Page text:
COVID-19: does the response of the regulators call for a fresh approach?

During the first wave of the COVID-19 pandemic, healthcare regulators reviewed their processes and made a joint commitment to take human and environmental factors into consideration when determining whether a complaint/incident reached the threshold for fitness to practise action.

In addition, the country saw an outpouring of support and affection for healthcare practitioners working hard to treat patients in hugely pressured and trying circumstances.

Alongside the guidance on relevant factors to consider during the life of an investigation, emergency registration was granted to recently retired practitioners under emergency powers granted by the Coronavirus Act 2020. Notably,  the GMC introduced guidance for decision makers on requests to relax or revoke sanctions or IOT orders in response to COVID-19 which allowed those whose registration was subject to restriction to apply for an early review of that restriction.

Do these changes reflect a change in what may be determined in the public interest and can healthcare professionals be reassured that such changes will remain in place once the impact of the pandemic has subsided? It may be more apposite to ask whether they should remain in place.

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High Court gives permission for judicial review into care home policies taken at start of pandemic

We wrote at the end of October about the crowdfunded legal challenge being brought against the UK Government in relation to their response to care homes at the start of the COVID-19 pandemic. Yesterday, in a remote hearing, Mr Justice Linden gave permission for this legal challenge to proceed to a full hearing.

The claimants, Dr Cathy Gardener and Fay Harris, are seeking a judicial review of the policies and related measures which had a bearing upon the protection of care homes between March and June 2020. They first formally brought their legal challenge in June, following the death of their fathers (who were both residents in care homes) from COVID-19 in April and May this year. As we have often reported in this blog, tens of thousands of care home residents have tragically died in care homes from (either confirmed or probable) COVID-19, since the beginning of the pandemic.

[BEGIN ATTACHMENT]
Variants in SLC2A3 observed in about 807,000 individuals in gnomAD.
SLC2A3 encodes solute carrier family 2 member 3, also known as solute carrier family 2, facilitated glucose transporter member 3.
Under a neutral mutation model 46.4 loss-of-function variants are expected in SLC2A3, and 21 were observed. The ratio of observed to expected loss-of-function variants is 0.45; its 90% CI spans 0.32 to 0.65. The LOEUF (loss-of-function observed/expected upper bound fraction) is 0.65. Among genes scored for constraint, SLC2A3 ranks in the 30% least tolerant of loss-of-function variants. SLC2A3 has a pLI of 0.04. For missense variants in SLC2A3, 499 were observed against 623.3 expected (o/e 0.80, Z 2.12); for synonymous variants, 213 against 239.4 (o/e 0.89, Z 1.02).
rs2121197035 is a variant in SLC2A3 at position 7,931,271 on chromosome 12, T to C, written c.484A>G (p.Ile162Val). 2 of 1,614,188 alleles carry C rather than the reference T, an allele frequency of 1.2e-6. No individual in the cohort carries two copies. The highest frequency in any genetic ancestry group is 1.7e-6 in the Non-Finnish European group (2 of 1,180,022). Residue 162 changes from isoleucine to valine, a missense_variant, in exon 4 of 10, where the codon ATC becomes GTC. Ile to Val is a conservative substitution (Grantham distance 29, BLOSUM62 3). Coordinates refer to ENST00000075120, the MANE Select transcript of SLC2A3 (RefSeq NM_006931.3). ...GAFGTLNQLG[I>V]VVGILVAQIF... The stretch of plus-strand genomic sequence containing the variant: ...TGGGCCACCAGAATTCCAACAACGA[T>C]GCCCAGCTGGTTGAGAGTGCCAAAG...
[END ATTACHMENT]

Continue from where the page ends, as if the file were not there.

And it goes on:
Continue reading “High Court gives permission for judicial review into care home policies taken at start of pandemic”

Safeguarding issues for care providers during the COVID-19 Pandemic

The importance of Safeguarding vulnerable adults residing in care homes has never been more important than during the pandemic. Care staff, be they managers, a carer, nurses or personal assistants are all facing this challenge . 

The Care Act statutory guidance (para. 14.7, June 2020) defines adult safeguarding as:

“Protecting an adult’s right to live in safety, free from abuse and neglect. It is about people and organisations working together to prevent and stop both the risks and experience of abuse or neglect, while at the same time making sure that the adult’s wellbeing is promoted including, where appropriate, having regard to their views, wishes, feelings and beliefs in deciding on any action. This must recognise that adults sometimes have complex interpersonal relationships and may be ambivalent, unclear or unrealistic about their personal circumstances.”

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Government’s plans to create ‘COVID-19 positive’ homes runs into difficulties